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I'm looking at trying to start a process from F#, wait till it's finished, but also read it's output progressively.

Is this the right/best way to do it? (In my case I'm trying to execute git commands, but that is tangential to the question)

let gitexecute (logger:string->unit) cmd = 
    let procStartInfo = new ProcessStartInfo(@"C:\Program Files\Git\bin\git.exe", cmd) 

    // Redirect to the Process.StandardOutput StreamReader.
    procStartInfo.RedirectStandardOutput <- true
    procStartInfo.UseShellExecute <- false;

    // Do not create the black window.
    procStartInfo.CreateNoWindow <- true;

    // Create a process, assign its ProcessStartInfo and start it
    let proc = new Process();
    proc.StartInfo <- procStartInfo;
    proc.Start() |> ignore

    // Get the output into a string
    while not proc.StandardOutput.EndOfStream do
        proc.StandardOutput.ReadLine() |> logger

What I don't understand is how the proc.Start() can return a boolean and also be asynchronous enough for me to get the output out of the while progressively.

Unfortunately, I don't currently have a large enough repository - or slow enough machine, to be able to tell what order things are happening in...

UPDATE

I tried Brian's suggestion, and it does work.

My question was a bit vague. My misunderstanding was that I assumed that Process.Start() returned the success of the process as a whole, and not just of the 'Start', and thus I couldn't see how it could work.

share|improve this question
1  
I had some success using Asynchronous Workflows for this kind of task: stackoverflow.com/questions/2649161/… –  Stringer Jun 17 '10 at 20:59
    
I'm actually not sure what the question is here. Does your code above work or not? What is the problem? –  justin.m.chase Jun 17 '10 at 20:59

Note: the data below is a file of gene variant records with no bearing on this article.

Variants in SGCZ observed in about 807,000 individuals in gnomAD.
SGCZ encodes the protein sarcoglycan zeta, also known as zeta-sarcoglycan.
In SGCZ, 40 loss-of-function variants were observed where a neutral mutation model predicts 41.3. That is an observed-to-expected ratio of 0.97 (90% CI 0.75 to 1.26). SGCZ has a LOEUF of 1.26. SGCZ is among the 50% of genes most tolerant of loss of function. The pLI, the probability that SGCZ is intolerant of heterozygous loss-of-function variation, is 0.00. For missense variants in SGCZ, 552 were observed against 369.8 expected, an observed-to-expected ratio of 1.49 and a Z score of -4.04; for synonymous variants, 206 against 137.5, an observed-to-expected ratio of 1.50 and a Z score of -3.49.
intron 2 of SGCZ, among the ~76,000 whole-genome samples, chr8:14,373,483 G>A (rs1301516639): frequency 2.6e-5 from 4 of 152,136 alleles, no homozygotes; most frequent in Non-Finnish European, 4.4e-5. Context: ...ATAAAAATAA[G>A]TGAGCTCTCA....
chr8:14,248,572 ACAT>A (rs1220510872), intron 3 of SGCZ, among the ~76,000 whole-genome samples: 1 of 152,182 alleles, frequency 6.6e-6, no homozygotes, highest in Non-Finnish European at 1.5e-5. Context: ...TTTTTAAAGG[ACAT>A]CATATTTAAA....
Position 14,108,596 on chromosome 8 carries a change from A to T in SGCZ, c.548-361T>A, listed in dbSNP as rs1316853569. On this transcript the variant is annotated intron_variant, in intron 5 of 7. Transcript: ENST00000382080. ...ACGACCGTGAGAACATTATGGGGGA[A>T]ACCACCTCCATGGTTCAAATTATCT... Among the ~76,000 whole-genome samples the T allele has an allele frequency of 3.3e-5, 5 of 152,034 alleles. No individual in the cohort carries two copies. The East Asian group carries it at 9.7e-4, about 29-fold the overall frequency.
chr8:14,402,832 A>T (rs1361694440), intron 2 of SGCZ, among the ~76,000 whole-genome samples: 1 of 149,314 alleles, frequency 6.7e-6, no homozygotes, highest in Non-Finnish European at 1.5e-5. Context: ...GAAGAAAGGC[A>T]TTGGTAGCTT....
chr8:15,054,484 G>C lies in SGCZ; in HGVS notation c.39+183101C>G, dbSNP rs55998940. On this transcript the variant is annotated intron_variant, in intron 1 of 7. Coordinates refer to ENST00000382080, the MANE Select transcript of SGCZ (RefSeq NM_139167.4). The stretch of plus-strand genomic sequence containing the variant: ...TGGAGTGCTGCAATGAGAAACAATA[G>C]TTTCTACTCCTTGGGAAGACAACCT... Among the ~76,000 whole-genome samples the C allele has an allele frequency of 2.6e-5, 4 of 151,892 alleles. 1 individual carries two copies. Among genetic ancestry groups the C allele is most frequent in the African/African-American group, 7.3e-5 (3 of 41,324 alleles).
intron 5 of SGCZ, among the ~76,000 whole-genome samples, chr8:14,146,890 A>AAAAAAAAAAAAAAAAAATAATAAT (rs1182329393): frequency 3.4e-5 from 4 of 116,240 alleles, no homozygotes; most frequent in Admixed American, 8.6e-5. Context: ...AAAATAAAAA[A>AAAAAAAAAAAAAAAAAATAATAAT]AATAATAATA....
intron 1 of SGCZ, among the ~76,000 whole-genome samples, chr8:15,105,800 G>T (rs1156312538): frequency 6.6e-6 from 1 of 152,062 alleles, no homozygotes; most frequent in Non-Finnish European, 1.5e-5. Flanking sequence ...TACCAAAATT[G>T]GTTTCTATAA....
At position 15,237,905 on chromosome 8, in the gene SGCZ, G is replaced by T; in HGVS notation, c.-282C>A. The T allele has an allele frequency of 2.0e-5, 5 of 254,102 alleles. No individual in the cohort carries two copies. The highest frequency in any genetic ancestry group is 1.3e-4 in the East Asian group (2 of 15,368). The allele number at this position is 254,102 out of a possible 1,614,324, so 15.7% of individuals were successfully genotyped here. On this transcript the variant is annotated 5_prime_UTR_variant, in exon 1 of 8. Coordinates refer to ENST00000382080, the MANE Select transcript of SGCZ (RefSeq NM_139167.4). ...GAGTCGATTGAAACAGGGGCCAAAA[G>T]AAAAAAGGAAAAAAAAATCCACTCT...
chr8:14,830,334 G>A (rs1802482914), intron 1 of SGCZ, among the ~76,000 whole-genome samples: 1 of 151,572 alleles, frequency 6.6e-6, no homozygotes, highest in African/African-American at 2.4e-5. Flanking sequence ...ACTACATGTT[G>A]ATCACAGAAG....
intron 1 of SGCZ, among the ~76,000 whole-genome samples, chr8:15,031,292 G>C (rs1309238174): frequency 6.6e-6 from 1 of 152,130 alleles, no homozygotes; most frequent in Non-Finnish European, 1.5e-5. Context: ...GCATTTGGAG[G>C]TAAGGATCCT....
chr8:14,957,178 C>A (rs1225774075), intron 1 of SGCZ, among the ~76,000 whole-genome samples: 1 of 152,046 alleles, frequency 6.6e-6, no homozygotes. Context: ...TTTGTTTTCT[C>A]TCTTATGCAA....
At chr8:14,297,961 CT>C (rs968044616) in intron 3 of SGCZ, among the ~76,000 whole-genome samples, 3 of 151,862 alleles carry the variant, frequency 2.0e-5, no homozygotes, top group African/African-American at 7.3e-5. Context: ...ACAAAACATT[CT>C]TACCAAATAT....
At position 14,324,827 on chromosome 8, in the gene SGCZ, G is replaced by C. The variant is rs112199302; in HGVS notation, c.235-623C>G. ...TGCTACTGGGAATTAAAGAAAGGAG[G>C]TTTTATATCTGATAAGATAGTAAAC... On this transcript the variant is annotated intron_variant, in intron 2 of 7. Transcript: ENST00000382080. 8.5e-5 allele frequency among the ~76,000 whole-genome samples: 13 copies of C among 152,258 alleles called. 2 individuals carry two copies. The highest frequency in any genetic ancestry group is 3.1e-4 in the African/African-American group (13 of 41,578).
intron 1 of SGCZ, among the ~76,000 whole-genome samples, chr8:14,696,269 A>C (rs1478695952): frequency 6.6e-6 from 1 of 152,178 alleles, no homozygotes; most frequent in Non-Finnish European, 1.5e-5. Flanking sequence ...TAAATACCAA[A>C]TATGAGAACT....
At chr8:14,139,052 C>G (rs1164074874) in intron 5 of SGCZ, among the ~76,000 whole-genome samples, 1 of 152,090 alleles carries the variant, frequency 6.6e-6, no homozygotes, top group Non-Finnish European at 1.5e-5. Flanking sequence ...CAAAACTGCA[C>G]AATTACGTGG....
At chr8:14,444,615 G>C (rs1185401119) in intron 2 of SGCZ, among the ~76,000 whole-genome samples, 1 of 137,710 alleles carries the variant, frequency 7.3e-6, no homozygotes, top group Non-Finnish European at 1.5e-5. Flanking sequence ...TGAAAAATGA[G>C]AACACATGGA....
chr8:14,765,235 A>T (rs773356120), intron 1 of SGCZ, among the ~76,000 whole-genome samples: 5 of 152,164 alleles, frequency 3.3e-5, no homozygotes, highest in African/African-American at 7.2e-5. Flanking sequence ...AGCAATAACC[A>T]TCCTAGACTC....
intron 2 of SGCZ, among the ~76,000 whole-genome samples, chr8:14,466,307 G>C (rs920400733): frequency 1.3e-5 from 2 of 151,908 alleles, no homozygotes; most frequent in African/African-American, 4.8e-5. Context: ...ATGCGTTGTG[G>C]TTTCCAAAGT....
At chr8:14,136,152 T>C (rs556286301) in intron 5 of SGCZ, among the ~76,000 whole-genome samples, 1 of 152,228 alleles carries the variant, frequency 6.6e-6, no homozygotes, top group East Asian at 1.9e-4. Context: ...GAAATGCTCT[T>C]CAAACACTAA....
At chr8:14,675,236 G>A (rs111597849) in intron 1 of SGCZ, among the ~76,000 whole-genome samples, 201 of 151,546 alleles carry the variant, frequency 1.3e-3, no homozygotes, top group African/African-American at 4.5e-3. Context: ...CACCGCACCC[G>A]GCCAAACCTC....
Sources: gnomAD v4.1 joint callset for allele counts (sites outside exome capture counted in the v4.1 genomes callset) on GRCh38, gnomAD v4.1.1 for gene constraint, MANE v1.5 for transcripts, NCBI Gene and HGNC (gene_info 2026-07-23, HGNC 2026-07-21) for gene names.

1  
It seems to me you could write tester.exe, that writes a couple lines to stdout and flushes, waits two seconds, writes another two lines, ... and use that to test if this code behaves as you want, yes? –  Brian Jun 17 '10 at 21:08
    
@Brian, you're right, I did, and it does. Thanks. –  Benjol Jun 18 '10 at 5:59
    
@Stringer, interesting, thank you. –  Benjol Jun 18 '10 at 6:03

1 Answer 1

up vote 6 down vote accepted

The code you wrote in the form you wrote it is (almost) ok: process.Start start the process you specify in, well, another process, so your output stream reads will happen in parallel with your process execution. One issue though is that you should throw in a call to process.WaitForExit in the end - the fact that output stream is closed does not imply that process terminated.

However you will run into problems with synchronyous reading if you try to read both stdout and stderr of the process: there is no way of reading 2 streams synchronously and simultaneously - you will deadlock if you read stdout and process is writing to stderr and waits for you to consume its output or vice versa.

To mediate this, you can subscribe to OutputDataRecieved and ErrorDataRecieved, like this:

type ProcessResult = { exitCode : int; stdout : string; stderr : string }

let executeProcess (exe,cmdline) =
    let psi = new System.Diagnostics.ProcessStartInfo(exe,cmdline) 
    psi.UseShellExecute <- false
    psi.RedirectStandardOutput <- true
    psi.RedirectStandardError <- true
    psi.CreateNoWindow <- true        
    let p = System.Diagnostics.Process.Start(psi) 
    let output = new System.Text.StringBuilder()
    let error = new System.Text.StringBuilder()
    p.OutputDataReceived.Add(fun args -> output.Append(args.Data) |> ignore)
    p.ErrorDataReceived.Add(fun args -> error.Append(args.Data) |> ignore)
    p.BeginErrorReadLine()
    p.BeginOutputReadLine()
    p.WaitForExit()
    { exitCode = p.ExitCode; stdout = output.ToString(); stderr = error.ToString() }

You can also write something along the lines of:

async {
    while true do
        let! args = Async.AwaitEvent p.OutputDataReceived
        ...
} |> Async.StartImmediate

for F#-style reactive event handling.

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+1 for answering the rest of the question that I didn't ask :) Just one error in your code is that Process.Start() doesn't return the process, it returns a boolean. –  Benjol Jun 18 '10 at 6:10
1  
I am calling a static Process.Start(ProcessStartInfo) that returns a Process (msdn.microsoft.com/en-us/library/0w4h05yb.aspx) –  Mitya Jun 18 '10 at 6:38

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